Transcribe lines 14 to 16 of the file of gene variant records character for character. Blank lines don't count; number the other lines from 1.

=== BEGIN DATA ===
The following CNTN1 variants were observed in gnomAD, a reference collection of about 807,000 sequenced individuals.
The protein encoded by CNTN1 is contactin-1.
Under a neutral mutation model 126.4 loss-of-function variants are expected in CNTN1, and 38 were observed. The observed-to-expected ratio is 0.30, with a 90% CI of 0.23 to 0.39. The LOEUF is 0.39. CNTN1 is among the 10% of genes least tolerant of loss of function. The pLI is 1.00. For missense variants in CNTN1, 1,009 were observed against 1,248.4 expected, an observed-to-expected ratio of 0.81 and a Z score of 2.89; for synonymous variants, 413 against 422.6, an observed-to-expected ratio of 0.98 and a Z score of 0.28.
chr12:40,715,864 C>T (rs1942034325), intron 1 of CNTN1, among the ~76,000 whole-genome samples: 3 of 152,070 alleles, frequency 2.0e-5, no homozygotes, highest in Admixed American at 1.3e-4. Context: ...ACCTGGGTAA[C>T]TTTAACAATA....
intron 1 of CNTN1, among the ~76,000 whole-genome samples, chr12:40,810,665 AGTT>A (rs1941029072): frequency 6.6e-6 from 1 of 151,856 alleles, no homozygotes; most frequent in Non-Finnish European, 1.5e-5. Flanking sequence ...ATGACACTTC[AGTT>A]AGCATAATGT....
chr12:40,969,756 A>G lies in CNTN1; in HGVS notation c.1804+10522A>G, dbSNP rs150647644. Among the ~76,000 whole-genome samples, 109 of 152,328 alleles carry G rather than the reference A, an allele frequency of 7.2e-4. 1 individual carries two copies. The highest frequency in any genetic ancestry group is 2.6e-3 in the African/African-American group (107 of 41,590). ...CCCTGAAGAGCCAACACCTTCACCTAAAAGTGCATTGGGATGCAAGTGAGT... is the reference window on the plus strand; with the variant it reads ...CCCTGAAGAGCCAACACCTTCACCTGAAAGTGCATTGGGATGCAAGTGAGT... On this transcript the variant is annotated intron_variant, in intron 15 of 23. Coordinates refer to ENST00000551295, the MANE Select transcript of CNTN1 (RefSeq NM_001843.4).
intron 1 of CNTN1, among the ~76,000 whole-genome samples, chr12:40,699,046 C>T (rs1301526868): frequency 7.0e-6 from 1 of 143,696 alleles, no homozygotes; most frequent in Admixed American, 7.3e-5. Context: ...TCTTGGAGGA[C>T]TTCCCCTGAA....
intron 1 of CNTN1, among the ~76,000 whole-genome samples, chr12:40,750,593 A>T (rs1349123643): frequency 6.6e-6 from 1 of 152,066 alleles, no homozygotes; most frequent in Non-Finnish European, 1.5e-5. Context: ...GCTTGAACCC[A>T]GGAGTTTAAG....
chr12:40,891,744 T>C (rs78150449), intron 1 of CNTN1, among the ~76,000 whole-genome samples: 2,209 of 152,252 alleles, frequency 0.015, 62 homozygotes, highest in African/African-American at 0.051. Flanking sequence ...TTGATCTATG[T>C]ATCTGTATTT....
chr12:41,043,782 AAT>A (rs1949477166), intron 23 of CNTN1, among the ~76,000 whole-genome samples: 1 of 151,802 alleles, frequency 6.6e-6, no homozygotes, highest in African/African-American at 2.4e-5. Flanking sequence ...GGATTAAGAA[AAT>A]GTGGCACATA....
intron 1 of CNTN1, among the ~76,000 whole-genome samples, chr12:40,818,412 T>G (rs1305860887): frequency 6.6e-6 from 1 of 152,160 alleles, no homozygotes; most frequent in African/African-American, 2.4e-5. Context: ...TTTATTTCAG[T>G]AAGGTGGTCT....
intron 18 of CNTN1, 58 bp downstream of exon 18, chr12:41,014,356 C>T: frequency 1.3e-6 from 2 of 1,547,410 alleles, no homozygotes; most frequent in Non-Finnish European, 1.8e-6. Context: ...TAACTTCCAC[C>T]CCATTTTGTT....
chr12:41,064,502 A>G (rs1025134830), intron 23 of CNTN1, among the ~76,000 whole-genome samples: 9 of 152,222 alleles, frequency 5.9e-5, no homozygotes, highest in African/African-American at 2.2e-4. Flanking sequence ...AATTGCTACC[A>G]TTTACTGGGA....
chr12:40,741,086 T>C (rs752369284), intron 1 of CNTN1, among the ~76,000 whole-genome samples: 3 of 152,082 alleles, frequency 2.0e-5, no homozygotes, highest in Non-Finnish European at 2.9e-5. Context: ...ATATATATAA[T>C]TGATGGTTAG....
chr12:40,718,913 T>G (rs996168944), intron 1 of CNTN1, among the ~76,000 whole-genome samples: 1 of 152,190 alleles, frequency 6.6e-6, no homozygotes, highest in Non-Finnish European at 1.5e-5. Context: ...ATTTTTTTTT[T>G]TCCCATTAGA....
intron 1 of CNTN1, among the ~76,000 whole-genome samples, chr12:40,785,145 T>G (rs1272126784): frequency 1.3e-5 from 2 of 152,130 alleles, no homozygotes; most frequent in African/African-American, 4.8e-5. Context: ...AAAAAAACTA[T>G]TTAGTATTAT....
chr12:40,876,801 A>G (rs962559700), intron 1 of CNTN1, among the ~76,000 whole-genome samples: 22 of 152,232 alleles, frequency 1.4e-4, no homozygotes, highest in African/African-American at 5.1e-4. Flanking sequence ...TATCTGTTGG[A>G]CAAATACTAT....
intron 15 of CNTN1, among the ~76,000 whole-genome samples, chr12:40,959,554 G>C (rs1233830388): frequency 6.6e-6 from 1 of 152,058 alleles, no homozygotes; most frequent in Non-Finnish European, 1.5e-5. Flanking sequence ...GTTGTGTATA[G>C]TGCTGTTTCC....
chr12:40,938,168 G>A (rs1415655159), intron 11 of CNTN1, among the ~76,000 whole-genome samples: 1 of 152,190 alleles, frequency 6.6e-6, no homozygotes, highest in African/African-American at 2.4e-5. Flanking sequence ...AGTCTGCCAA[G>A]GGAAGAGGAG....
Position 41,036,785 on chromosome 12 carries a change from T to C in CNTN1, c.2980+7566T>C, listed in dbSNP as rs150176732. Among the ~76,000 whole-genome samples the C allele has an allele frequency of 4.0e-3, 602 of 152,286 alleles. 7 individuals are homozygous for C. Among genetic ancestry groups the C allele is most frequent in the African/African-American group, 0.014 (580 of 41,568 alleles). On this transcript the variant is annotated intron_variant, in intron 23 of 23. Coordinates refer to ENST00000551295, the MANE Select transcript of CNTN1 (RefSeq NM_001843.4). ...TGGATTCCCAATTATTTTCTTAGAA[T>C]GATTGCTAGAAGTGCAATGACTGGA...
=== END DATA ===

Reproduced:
chr12:40,741,086 T>C (rs752369284), intron 1 of CNTN1, among the ~76,000 whole-genome samples: 3 of 152,082 alleles, frequency 2.0e-5, no homozygotes, highest in Non-Finnish European at 2.9e-5. Context: ...ATATATATAA[T>C]TGATGGTTAG....
chr12:40,718,913 T>G (rs996168944), intron 1 of CNTN1, among the ~76,000 whole-genome samples: 1 of 152,190 alleles, frequency 6.6e-6, no homozygotes, highest in Non-Finnish European at 1.5e-5. Context: ...ATTTTTTTTT[T>G]TCCCATTAGA....
intron 1 of CNTN1, among the ~76,000 whole-genome samples, chr12:40,785,145 T>G (rs1272126784): frequency 1.3e-5 from 2 of 152,130 alleles, no homozygotes; most frequent in African/African-American, 4.8e-5. Context: ...AAAAAAACTA[T>G]TTAGTATTAT....